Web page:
Finally, Lucasfilm/Disney did not listen to the fans on this one, which goes back to the ‘no one wanted a Han Solo movie’ argument.  While I’m still trying to figure out why Boba Fett is such a bad ass, right there is a film with much more potential for success.  We know where Fett comes from and we know he’s a Mandalorian bounty hunter.  That’s it.  There are so many gaps to fill in and stories to tell there that he should have had his stand-alone film before any green light was given to Solo.  Where’s our Darth Maul movie?  How about a Rebels live action movie?  How about the origins of Emperor Palpatine?  How does he discover the dark side and become so unbelievably masterful with it?  And so help me if one more person says they should make a Darth Vader movie, I am going to lose my mind.  They’re called Episodes I through VI.

As for my own thoughts on Solo: A Star Wars Story, I thought it was okay, nothing great.  The movie was rather dark (in a lighting sense) and it took me quite a while before I started getting invested in any of the characters.  Lastly, and as previously mentioned, there was no ah-ha moment in the film regarding Han himself.  That’s kind of a big deal when the movie is about him.  No fault to Ehrenreich as his employer can take the blame on this one.

Maybe Lucasfilm needs to throttle back on their barrage of Star Wars films.  It’s not so much sensory overload as it is possibly watering down the product.  I absolutely love this intergalactic playground George Lucas has given us, but maybe it’s time for Disney to take a breath and have a long-term plan for Star Wars. When Disney releases a movie, they do not aim to simply have the number one movie.  They aim to have the number one movie with smash-mouth numbers that break records and leave the competition staggering in its wake.  Believe that.  At the end of the day, all this fantasy is real world business.


3 Responses to “Why ‘Solo’ Stands Alone – Disney’s First Star Wars Stumble”

  1. Brian White

    I don’t know G
    No one wanted this movie not to be made than me
    But I had a blast with it
    It was such a fresh of breath air free from any Skywalker or kid drama
    Even Dragon Lady was decent in it
    I’m not sure what’s wrong with movie goers
    But I sure in the hell don’t want a Boba Fett movie
    I agree with all your other movie choice ideas
    Shadow of the Empire would have been killer but that ship has sailed

  2. Gregg

    I’m glad you had fun with it. There is some fun to be had here and the Maul moment blew me away like no other. However, the fact remains that the masses aren’t all that enthused with this film. Many are passing on it altogether until it hits on-demand, Redbox, etc. Some are just passing on it, period. That’s rather unheard of for a Star Wars film. I agree we need to finally break free from the Skywalker saga once Episode IX is over and done with. That’s been milked for a all it’s worth. Let’s see a Braveheart-style battle with Jedi and Sith. Give me some Old Republic. If they do end up going the route of a Boba Fett film, they’ll have to structure it like a friend of mine suggested, the old Clint Eastwood spaghetti westerns. He didn’t say a whole lot, but when he spoke, he meant business and it worked. Producers will have to stay true to this as that’s pretty much why Fett strikes a chord with so many. He has this commanding presence without saying a whole lot. After Solo’s struggles at the box office though, I’m sure Lucasfilm is strongly reconsidering a Fett or Obi Wan movie. They need to get this next stand-alone right.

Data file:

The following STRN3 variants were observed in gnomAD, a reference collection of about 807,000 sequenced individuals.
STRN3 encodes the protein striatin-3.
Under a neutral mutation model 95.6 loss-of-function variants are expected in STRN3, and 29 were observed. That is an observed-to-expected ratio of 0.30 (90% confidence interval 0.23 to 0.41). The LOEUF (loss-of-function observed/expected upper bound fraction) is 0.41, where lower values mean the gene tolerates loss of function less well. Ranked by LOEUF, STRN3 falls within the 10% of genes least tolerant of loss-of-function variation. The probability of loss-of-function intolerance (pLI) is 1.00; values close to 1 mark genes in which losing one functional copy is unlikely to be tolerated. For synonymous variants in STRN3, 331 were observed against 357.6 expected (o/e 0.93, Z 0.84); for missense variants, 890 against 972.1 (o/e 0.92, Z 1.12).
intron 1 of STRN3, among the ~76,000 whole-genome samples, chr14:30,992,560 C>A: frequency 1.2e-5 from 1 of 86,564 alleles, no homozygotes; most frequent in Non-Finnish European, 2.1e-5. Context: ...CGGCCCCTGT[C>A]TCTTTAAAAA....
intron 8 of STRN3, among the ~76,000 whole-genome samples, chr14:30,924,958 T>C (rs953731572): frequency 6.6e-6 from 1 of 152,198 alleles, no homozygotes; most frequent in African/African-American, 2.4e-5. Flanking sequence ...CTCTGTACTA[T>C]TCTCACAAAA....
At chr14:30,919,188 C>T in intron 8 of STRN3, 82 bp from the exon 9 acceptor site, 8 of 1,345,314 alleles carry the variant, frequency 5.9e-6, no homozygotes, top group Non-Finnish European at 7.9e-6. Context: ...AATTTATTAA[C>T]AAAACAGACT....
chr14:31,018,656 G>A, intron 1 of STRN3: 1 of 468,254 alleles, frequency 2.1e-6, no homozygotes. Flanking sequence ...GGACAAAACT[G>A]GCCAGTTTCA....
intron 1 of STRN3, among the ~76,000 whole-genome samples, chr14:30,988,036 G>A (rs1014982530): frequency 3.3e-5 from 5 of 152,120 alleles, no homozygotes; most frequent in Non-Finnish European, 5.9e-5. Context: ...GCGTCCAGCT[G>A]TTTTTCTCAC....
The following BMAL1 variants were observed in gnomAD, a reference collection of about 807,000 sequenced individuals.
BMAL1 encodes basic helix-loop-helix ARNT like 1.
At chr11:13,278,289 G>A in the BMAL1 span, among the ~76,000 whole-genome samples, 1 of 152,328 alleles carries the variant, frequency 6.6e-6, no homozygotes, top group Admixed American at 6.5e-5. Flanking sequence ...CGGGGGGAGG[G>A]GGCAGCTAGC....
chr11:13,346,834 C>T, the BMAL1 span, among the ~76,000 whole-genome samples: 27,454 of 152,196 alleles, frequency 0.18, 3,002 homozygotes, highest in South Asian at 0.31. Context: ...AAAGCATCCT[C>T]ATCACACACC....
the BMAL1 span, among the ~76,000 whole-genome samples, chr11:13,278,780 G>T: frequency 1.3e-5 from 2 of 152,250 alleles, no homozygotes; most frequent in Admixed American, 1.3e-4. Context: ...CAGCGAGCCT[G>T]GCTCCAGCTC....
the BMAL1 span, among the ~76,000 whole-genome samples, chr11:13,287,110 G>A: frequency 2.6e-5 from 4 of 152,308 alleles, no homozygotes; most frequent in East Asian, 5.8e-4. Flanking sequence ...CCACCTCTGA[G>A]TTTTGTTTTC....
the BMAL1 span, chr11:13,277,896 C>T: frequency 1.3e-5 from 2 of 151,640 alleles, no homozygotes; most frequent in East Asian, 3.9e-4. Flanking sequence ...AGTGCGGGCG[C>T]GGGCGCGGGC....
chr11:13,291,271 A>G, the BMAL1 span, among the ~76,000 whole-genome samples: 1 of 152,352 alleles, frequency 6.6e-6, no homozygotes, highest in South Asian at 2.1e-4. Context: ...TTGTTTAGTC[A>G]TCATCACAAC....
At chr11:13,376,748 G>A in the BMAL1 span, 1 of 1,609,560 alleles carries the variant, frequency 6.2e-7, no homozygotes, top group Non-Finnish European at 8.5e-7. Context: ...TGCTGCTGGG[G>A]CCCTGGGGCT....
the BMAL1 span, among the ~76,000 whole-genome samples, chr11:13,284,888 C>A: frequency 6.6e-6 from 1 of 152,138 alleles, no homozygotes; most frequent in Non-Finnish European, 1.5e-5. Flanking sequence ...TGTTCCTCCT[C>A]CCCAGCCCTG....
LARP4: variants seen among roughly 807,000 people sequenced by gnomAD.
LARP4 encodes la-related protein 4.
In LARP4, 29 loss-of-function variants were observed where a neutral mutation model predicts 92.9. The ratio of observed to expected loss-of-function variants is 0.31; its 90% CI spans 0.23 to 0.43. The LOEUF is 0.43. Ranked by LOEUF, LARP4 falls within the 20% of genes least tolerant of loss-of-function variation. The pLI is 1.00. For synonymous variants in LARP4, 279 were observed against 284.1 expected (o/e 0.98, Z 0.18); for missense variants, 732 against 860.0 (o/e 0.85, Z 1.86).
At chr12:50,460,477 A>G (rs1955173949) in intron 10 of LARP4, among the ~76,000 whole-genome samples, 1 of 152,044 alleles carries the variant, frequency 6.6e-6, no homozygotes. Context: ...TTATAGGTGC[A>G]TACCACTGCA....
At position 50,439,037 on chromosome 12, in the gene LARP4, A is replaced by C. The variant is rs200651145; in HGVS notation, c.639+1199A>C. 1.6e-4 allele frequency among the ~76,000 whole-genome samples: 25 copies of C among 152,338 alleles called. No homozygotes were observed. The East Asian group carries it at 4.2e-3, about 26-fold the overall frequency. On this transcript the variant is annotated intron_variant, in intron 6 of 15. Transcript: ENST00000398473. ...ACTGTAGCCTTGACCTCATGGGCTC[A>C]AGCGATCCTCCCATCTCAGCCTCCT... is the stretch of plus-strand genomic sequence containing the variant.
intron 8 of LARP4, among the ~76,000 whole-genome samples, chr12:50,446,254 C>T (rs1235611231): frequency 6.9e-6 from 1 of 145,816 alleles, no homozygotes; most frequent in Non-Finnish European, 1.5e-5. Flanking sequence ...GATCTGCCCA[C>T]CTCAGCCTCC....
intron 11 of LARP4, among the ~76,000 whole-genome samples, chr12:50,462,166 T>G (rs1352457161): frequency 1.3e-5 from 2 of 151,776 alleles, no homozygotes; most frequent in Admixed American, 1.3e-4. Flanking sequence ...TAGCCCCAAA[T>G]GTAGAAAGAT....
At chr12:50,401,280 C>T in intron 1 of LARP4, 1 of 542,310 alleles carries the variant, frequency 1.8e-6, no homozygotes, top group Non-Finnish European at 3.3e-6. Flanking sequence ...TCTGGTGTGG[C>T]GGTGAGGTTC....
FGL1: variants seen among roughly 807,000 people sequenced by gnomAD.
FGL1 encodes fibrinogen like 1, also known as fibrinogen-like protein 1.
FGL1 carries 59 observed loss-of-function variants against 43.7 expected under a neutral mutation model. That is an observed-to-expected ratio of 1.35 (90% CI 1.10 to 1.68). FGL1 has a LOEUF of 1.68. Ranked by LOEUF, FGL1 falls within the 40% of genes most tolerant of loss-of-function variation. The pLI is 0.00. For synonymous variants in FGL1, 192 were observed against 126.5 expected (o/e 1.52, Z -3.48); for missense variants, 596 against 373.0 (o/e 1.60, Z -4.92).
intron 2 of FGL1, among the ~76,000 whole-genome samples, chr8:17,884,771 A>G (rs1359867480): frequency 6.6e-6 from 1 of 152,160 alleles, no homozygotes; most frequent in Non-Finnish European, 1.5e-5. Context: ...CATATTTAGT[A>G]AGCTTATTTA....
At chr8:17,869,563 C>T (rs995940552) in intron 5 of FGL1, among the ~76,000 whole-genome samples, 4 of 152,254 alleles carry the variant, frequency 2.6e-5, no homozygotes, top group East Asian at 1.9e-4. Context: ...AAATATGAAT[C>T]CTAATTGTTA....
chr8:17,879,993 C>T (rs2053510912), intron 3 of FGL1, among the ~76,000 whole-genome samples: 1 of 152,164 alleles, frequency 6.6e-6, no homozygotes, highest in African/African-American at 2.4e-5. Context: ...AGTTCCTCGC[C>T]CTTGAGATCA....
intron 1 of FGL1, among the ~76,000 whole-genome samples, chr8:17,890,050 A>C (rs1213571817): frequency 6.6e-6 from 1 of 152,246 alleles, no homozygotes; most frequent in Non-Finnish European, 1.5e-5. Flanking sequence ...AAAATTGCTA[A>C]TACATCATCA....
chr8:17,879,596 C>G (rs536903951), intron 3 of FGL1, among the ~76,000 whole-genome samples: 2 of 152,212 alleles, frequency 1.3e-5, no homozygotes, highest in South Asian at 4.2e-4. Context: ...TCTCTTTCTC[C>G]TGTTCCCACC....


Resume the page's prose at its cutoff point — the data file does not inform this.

3. Aaron Neuwirth

    The best thing they could do for future standalones is keep them reasonable in cost. Obviously Solo had its issues, but these one-off ideas should be like $75 mill (modest for a blockbuster) and handled by fresh voices that have their backs pushed more against a wall so they can be more creative in delivering something interesting.

    My biggest issue with Solo, which was fine overall, is how it lacks any ambition to be anything beyond “origin story: the movie.” It has no real ideas or standout moments that seem set to push Star Wars forward. If we’re doing a Star Wars film every year, I can get used to not expecting them to be continually ambitious in the same way the previous films had been (Solo makes the prequels continue to look better by the way, simply because those movies attempted to do new things in terms of filmmaking), but I’d still hope for a film that stands out because of its association with Star Wars.

    Since we have tons of big-budget franchises these days, simply making a generic origin story starring a guy that’s not Harrison Ford as the character made famous by Harrison Ford clearly isn’t going cut it these days, I do hope priorities are shifted when it comes to having these spin-offs feel necessary in some way beyond learning how a guy got his last name or other nonsense answers to questions we weren’t asking.